Additional features and advantages of the invention will be apparent from the detailed description which follows, taken in conjunction with the accompanying drawings, which together illustrate, by way of example, features of the invention.

BRIEF DESCRIPTION OF THE DRAWINGS

FIG. 1a is a perspective view of a vessel in accordance with an embodiment of the present invention;

FIG. 1b is a detailed cross-sectional view of the vessel of FIG. 1a;

FIG. 1c is a perspective view of another vessel in accordance with an embodiment of the present invention;

FIGS. 2a-5c are various schematic views of a method for forming a vessel in accordance with an embodiment of the present invention;

FIG. 2a is a perspective view of a mold shown in an open configuration;

FIG. 2b is a partial, cross-sectional side view of the mold of FIG. 2a;

FIG. 3a is a perspective view of the mold with a bondable layer on an inner surface thereof and a plastic material being introduced therein;

FIG. 3b is a partial, cross-sectional side view of the mold with a bondable layer therein of FIG. 3a;

FIG. 3ca is a perspective view of the mold with a bondable layer on an inner surface thereof and a preform formed of a plastic material being introduced therein;

FIG. 4a is a perspective view of the mold shown in a closed configuration and being subjected to heat and internal pressure;

FIG. 4b is a partial, cross-sectional side view of the mold with the bondable layer and a plastic material or inner layer conformed to the mold and embedded into the bondable layer;

FIG. 5a is a perspective view of a substantial enclosure with the bondable layer with a reinforcement layer being formed thereon;

FIG. 5b is a partial, cross-sectional side view of the substantial enclosure with the bondable layer of FIG. 5a;

FIG. 5c is an enlarged, partial, cross-sectional side view of the substantial enclosure with the bondable layer of FIG. 5b;

FIG. 6a is a perspective view of a vacuum mold;

FIG. 6b is a perspective view of the mold of FIG. 6a with a bondable layer on an inner surface thereof;

FIG. 6c is a perspective view of the mold of FIG. 6b with a plastic material being introduced therein; and

FIG. 6d is a perspective view of the mold of FIG. 6c being subjected to heat and internal pressure.

DETAILED DESCRIPTION

Reference will now be made to the exemplary embodiments illustrated in the drawings, and specific language will be used herein to describe the same. It will nevertheless be understood that no limitation of the scope of the invention is thereby intended. Alterations and further modifications of the inventive features illustrated herein, and additional applications of the principles of the inventions as illustrated herein, which would occur to one skilled in the relevant art and having possession of this disclosure, are to be considered within the scope of the invention.

As illustrated in FIGS. 1a and 1b, a vessel, indicated at 10, in accordance with the present invention is shown. The vessel 10 can form or include a substantial enclosure 14, such as a tank, container, etc. Such vessels can be utilized in chemical, industrial, aerospace, marine, and oil and gas industries, and can be used to hold or contain various different materials and liquids, including for example, water, oil, gasoline, or other chemicals. The vessel 10 can include a chemically inert material, such as a thermoplastic, or polyolefin. Thus, the vessel can be watertight, lightweight, and of relatively low cost. In addition, the vessel 10 can be reinforced, or can be a reinforced vessel, so that the vessel can be strong enough to withstand structural loads due to the weight of the contents, operating pressures and temperatures, environmental conditions, etc. The vessel 10 can be reinforced by a reinforcement layer 18, such as a fiber and resin composite material.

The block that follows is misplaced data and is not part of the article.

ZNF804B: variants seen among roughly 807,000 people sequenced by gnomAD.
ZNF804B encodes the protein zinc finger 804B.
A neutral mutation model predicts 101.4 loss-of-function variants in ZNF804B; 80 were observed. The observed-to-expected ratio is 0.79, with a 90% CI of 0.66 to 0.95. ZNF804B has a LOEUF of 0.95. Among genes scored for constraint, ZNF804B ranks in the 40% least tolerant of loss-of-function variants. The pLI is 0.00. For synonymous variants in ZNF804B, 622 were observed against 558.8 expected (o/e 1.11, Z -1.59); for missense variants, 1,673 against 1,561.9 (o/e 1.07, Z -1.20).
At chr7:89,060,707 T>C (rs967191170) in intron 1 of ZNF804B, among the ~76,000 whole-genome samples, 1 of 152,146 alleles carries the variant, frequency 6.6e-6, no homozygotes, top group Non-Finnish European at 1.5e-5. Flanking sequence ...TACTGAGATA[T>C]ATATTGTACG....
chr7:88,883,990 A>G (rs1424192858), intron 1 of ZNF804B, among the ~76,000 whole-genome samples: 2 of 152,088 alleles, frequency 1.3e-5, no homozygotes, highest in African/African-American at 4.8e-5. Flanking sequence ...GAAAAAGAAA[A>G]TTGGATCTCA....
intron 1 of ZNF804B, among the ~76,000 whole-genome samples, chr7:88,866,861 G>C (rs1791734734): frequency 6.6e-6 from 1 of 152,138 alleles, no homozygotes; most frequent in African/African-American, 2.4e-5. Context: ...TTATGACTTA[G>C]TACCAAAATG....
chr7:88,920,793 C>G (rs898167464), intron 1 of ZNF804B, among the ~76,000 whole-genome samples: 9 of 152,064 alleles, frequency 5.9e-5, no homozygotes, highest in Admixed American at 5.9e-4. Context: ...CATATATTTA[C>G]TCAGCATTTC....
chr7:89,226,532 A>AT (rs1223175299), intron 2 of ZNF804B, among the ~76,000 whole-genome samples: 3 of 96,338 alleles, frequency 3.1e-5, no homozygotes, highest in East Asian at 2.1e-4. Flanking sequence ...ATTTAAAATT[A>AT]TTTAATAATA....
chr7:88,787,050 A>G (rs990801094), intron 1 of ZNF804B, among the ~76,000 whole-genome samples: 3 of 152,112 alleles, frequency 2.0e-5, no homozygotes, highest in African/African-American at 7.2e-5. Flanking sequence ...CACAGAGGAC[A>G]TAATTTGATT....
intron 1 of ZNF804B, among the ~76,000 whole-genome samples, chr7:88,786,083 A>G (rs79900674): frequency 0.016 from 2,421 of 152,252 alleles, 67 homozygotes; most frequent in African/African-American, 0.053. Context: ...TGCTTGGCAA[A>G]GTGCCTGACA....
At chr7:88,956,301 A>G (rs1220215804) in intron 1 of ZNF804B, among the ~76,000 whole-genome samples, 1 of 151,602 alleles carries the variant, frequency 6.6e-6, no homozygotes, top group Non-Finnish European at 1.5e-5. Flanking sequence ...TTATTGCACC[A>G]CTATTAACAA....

As described above, applying a reinforcement material to a vessel can be problematic because a chemically inert material of the vessel can have a very low surface energy that makes it difficult or impossible to create a structural bond between the vessel and the reinforcing material. Thus, the reinforcement can fail to sufficiently attach, or can later delaminate. Therefore, the vessel 10 or substantial enclosure 14 advantageously includes a bondable layer or intermediate layer 22 disposed between the substantial enclosure 14 and the reinforcement layer 18. The bondable or intermediate layer 22 can be mechanically coupled to the substantial enclosure 14 and bonded to the reinforcement layer 18. Therefore, the bondable or intermediate layer 22 couples the reinforcement layer 18 to the substantial enclosure 14.

Although the vessel 10 and the substantial enclosure 14 are shown in the Figures as having a cylindrical shape, it will be appreciated that the vessel and substantial enclosure can have any desired shape, or a non-cylindrical shape. For example, the vessel 10 and the substantial enclosure 14 can be square, rectangular, circular, spherical, pie-shaped, etc. As another example, a vessel 10c can have a conformal shape, or a shape that conforms to, keys into, or matches another shape or structure, such as conforming to an allocated space in an airframe of fuselage of an aircraft. The term “substantial enclosure” is used herein to describe an enclosure shaped to hold or contain a material, such as liquid, and can be shaped as a bowl, tank, container, etc. The substantial enclosure 14 can include an opening 24 therein, and can be sealable, such as with a lid or cap. Thus, the substantial enclosure can be watertight. The material for the substantial enclosure can include plastic, thermoplastic, polyolefin, polyethylene, polypropylene, polyurethane, etc. The substantial enclosure 14 can form an inner layer of the vessel 10.